Clergy are formal leaders within established religions. Their roles and functions vary in different religious traditions, but usually involve presiding over specific rituals and teaching their religion's doctrines and practices. Some of the terms used for individual clergy are clergyman, clergywoman, and churchman. Less common terms are churchwoman and clergyperson, while cleric and clerk in holy orders both have a long history but are rarely used.
A deacon is a member of the diaconate, an office in Christian churches that is generally associated with service of some kind, but which varies among theological and denominational traditions. Some Christian churches, such as the Catholic Church, the Eastern Orthodox Church and the Anglican church, view the diaconate as part of the clerical state; in others, the deacon remains a layperson.
Ordination is the process by which individuals are consecrated, that is, set apart as clergy to perform various religious rites and ceremonies. The process and ceremonies of ordination vary by religion and denomination. One who is in preparation for, or who is undergoing the process of ordination is sometimes called an ordinand. The liturgy used at an ordination is sometimes referred to as an ordination.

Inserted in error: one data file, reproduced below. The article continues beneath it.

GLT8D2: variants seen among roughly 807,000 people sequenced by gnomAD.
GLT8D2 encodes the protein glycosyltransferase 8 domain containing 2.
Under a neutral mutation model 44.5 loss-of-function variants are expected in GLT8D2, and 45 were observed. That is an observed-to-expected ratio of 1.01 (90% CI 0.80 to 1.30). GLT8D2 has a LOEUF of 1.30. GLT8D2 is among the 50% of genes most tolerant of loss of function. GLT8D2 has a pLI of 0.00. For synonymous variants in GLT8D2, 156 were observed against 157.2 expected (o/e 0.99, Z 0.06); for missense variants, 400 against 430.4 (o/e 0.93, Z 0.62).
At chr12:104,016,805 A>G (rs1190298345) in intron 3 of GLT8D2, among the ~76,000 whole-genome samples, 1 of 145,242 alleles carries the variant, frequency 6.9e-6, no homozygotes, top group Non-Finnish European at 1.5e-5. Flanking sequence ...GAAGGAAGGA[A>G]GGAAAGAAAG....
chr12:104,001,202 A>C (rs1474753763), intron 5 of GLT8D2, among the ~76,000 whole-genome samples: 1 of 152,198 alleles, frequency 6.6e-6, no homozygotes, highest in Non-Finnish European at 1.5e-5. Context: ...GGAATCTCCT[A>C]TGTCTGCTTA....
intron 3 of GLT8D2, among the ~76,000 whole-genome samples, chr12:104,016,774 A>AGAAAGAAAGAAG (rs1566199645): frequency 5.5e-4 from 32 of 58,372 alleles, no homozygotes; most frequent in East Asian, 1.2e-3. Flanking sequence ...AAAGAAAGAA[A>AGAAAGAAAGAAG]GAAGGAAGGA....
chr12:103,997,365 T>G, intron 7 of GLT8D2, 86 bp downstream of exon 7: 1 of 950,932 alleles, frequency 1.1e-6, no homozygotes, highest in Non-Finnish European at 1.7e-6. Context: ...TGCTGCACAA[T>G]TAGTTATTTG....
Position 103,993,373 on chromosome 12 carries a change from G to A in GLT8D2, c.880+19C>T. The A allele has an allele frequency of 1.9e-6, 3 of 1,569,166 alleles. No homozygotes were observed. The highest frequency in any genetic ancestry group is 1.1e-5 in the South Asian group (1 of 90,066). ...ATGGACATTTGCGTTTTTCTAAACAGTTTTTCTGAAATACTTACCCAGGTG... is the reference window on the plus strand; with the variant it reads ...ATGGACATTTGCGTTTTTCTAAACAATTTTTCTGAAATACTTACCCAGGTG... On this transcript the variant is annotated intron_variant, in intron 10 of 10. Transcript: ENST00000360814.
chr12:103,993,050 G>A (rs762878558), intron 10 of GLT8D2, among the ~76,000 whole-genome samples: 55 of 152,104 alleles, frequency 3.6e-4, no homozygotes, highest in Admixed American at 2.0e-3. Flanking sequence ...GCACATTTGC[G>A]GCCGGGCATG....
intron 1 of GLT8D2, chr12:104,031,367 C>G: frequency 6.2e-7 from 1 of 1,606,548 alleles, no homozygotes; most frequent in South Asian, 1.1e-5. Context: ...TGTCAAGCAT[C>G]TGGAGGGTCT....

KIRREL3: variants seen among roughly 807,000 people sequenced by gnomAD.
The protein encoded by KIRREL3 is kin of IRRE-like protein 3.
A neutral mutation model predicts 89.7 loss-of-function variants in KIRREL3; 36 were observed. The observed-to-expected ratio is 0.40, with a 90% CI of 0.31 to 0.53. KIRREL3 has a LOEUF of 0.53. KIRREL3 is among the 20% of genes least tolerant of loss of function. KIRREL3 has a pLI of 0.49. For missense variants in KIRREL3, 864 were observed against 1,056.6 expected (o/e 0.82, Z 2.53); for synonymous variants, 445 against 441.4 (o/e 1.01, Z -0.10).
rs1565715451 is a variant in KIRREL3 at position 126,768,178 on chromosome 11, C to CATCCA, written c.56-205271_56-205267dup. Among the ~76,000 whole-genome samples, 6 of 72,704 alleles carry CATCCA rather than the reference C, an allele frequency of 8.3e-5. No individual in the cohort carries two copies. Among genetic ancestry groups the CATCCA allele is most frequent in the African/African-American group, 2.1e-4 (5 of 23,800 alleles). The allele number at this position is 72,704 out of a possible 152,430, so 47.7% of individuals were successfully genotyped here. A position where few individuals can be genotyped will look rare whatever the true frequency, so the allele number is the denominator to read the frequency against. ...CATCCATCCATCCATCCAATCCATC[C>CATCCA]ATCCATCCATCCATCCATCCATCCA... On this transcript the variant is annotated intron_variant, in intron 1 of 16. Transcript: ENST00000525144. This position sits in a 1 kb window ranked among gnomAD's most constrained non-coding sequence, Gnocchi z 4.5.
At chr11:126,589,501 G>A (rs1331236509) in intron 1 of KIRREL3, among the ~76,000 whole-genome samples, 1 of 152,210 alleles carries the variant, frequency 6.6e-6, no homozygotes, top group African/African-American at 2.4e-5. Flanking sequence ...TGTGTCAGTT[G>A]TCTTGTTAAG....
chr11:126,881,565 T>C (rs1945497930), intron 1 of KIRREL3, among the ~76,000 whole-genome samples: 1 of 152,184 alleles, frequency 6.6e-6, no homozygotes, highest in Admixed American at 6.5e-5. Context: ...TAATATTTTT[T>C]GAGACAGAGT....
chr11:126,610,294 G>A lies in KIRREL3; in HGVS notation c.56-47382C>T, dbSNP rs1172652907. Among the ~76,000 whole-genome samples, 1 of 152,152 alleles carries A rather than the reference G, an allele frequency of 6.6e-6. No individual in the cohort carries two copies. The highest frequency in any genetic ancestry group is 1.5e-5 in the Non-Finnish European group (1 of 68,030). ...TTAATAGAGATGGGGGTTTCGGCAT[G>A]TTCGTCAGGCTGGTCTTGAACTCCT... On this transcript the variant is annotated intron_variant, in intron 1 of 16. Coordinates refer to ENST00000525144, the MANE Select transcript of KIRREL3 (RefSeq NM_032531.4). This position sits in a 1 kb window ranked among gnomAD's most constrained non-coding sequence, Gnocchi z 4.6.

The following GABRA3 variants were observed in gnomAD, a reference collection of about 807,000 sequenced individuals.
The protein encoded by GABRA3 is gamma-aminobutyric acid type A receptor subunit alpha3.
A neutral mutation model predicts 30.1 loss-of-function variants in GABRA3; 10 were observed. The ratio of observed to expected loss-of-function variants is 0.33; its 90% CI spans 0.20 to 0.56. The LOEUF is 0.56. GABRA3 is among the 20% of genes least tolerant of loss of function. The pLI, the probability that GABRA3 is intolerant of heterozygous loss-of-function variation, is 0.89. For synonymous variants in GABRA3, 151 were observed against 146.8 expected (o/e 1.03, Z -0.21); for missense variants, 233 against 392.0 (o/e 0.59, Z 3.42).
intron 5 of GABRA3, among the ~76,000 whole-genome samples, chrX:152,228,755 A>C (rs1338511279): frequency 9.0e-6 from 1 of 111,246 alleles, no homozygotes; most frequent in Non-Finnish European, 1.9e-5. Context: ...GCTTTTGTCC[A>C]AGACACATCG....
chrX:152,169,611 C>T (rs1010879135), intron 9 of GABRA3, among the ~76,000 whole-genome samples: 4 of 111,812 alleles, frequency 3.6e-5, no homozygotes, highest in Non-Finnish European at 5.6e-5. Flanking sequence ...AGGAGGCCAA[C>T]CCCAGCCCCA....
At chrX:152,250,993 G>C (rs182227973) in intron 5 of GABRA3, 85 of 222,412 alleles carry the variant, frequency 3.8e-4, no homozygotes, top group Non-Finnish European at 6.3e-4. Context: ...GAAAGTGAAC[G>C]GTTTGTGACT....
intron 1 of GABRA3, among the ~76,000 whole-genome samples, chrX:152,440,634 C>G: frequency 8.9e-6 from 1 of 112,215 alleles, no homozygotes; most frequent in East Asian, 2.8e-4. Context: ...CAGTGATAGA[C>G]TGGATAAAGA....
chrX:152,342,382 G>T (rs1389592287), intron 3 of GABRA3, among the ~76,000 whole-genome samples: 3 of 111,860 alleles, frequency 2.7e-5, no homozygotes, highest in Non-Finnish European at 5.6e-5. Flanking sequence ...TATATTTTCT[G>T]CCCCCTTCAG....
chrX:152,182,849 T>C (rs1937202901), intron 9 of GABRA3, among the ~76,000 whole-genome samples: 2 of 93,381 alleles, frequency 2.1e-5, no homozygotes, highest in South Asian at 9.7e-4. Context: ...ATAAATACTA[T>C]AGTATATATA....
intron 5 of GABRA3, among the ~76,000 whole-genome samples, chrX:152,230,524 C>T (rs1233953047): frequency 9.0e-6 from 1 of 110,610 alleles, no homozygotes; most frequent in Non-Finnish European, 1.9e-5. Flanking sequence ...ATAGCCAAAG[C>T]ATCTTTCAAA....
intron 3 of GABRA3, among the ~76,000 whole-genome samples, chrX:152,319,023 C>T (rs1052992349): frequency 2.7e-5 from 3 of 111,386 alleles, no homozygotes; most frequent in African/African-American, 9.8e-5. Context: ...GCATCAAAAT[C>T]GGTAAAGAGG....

The Trappists, officially the Order of Cistercians of the Strict Observance, are a Catholic religious order of cloistered monastics that branched off from the Cistercians. They follow the Rule of Saint Benedict and have communities of both monks and nuns that are referred to as Trappists and Trappistines, respectively. They are named after La Trappe Abbey, the monastery from which the movement and religious order originated.
A monk is a person who practices religious asceticism by monastic living, either alone or with any number of other monks. A monk may be a person who decides to dedicate his life to serving all other living beings, or to be an ascetic who voluntarily chooses to leave mainstream society and live his or her life in prayer and contemplation. The concept is ancient and can be seen in many religions and in philosophy.
Minor orders are ranks of church ministry lower than major orders,